In the past, especially in difficult times, people flocked to the cinema to escape. Musicals, formulaic love stories, and light, fluffy fare with happy endings were standards for viewers who wanted to lose themselves in a little fantasy, even for a few hours.

Mrs. Harris is going to Paris.” which hits theaters today, has elements of the films from that era gone by, but also a surprising depth that you might not expect.

Author Paul Gallico first introduced Mrs. Harris to us in 1958 with “Flowers for Mrs. Harris“, later called “Mrs. Harris goes to Paris‘ and then wrote a total of four books about the adventures of the little cleaning lady who died New York Times said, was one of the most loveable characters Gallico ever created.

The book was made into a 1992 CBS TV movie starring Angela Lansbury in the title role. You can watch it on YouTube.

This theatrical version, led by the great Leslie Manville (“The Phantom Thread” and “let him go‘) tells the story of the London-based WWII widow, as heroine Ada Harris, who spends the day cleaning for wealthy people while harboring hope that her MIA husband will still be alive 10 years later. Loyal, solid, and very caring, Ada spends much of her daily life building others up, comforting others, and giving herself to everyone else. She begins to feel underappreciated and invisible.

While cleaning for one of her wealthier employers, Ada sees her first Dior dress and falls in love. She vows to have more beauty in her life and dreams of owning one. After a few “lucky days” she sets off for Paris to make this dream come true. Along the way, Ada continues to care for others, empower others, and manage to find new acceptance and insight into her own life.

Manville takes on a role that could be a little cartoonish and potentially predictable, adding warmth, deliberate thinking and great care.

Manville’s Harris is real, even if elements around her at times seem bordering on picture book. She takes on a familiar sort of character and makes us care deeply about her.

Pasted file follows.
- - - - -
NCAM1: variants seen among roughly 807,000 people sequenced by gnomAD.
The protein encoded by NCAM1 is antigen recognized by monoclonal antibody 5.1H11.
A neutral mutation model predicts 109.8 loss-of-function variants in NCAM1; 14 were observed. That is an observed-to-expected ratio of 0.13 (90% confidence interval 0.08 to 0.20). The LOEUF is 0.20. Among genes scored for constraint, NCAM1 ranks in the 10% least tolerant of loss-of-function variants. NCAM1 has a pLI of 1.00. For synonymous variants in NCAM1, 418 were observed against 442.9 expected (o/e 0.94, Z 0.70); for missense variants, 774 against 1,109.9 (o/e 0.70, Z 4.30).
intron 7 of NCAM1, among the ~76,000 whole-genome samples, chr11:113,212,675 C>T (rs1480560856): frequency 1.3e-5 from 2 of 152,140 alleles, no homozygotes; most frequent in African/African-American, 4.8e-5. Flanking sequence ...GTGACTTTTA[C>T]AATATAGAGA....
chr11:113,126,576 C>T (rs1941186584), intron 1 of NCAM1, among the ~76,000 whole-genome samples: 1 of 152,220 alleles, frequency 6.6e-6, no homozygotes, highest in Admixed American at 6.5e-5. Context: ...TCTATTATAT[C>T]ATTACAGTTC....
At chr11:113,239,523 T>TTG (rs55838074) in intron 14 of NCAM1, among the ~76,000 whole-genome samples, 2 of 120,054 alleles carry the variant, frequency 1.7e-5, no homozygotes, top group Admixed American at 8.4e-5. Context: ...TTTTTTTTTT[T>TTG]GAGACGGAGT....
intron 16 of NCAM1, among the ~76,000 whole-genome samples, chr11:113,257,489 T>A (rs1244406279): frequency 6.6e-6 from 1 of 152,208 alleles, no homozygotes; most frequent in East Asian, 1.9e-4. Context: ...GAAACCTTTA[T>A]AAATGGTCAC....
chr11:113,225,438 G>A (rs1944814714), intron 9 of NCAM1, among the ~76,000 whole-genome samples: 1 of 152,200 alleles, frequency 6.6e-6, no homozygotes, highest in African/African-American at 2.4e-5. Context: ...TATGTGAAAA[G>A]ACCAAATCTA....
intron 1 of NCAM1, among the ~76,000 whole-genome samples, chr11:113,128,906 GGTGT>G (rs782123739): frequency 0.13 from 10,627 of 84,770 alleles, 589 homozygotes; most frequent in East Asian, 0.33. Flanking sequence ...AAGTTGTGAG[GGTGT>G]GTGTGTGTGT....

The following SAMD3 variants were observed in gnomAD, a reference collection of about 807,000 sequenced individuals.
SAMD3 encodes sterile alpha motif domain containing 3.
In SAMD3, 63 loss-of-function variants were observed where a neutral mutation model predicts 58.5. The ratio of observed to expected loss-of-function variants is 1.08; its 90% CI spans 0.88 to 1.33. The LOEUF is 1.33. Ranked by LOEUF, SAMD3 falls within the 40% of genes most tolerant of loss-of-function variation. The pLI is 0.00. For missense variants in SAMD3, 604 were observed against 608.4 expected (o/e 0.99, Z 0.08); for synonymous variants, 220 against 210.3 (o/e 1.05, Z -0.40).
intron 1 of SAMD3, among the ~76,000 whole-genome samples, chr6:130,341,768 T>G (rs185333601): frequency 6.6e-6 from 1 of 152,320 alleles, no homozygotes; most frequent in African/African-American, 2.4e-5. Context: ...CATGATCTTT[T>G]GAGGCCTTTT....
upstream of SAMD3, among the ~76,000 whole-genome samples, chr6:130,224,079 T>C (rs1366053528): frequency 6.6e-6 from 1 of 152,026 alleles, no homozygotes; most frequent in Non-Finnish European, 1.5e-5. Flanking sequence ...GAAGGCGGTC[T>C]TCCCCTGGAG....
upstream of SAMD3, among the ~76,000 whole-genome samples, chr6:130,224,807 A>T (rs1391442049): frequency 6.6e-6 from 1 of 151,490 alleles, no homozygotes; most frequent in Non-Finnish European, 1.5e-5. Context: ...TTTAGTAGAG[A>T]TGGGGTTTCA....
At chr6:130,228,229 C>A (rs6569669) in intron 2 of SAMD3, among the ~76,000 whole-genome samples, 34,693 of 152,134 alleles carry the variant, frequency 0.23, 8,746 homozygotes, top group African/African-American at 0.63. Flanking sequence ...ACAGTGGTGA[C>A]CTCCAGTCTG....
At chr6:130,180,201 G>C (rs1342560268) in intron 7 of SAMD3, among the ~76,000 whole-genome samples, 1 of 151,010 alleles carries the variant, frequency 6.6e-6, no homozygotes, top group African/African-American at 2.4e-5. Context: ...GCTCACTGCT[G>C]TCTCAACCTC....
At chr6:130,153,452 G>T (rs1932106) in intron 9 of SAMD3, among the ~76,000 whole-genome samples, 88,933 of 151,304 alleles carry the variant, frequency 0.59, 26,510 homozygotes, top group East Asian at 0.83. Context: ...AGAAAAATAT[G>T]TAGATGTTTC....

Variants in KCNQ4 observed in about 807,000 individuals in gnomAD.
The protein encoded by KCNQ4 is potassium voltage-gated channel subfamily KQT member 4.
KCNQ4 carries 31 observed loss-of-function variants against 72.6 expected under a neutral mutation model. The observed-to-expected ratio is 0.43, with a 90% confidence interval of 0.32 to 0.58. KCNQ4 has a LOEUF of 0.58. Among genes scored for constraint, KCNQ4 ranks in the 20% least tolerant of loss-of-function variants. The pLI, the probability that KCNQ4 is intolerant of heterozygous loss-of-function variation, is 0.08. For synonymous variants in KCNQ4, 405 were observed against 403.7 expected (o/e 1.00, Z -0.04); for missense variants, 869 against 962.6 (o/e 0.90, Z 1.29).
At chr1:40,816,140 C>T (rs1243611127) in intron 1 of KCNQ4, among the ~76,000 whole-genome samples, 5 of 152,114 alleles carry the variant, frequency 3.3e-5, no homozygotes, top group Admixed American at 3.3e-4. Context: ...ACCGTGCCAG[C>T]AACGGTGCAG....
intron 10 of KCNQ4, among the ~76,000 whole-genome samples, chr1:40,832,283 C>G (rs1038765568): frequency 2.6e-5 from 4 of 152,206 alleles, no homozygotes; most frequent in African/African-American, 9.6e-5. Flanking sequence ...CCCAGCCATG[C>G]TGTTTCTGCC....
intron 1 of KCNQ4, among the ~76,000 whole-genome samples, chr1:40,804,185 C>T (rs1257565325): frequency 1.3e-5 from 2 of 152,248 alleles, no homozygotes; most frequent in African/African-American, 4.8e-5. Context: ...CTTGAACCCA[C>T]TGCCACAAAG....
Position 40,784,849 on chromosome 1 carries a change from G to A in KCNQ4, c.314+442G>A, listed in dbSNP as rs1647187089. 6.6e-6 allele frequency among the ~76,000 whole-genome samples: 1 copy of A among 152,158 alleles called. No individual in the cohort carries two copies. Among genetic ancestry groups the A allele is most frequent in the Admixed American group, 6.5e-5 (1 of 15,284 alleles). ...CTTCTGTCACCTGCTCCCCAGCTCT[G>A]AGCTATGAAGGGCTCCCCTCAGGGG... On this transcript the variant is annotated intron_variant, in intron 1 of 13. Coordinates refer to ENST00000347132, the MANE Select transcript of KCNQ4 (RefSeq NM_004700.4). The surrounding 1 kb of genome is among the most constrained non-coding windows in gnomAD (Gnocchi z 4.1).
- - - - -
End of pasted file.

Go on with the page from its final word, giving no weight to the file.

I’ve been a Manville fan since I saw her in “The Phantom Thread‘ in which she played the stoic upscale fashion house manager and sister of designer Daniel Day Lewis. She showed her versatility in the Kevin Costner/Diane Lane film “let him go‘ from 2020, in which she played a murderous southern matriarch of a thug family.

It’s time for her to direct a film and I hope there are more opportunities for her.

The supporting cast are fantastic, with not a bad performance. Even the French winemakers at the bus station are fun and adorable.

World-famous actress Isabelle Huppert stars as Madame Claudine Colbert, Dior’s snooty house manager who would give Manville’s phantom thread character a run for their money. Huppert clearly took on this role to have a little fun, which is evident in her over-the-top handling of the character. I say that in a good way, and while many critics may pan out at her performance, I found her to be hilarious and at times profound and endearing. I’m always amazed when an actor with a resume like Huppert’s decides to throw himself into a supporting role.

I think the most refreshing part of the film was the twists and turns at the very end. Just when I was starting to get annoyed that the story was being wrapped up in a neat, predictable little happy ending, there was a reality check curveball that leveled things out. Because of that ending, and this is clearly Manville’s picture, “Mrs. Harris goes to Paris is much more than an escapist image. It might even start the trend towards more feel-good movies.

Where did they go anyway?

My grade: A. Yes, go see it at the theater. Also buy some popcorn.

“Mrs. Harris Goes to Paris” opens in theaters July 15 and is rated PG. The running time is one hour, 55 minutes.

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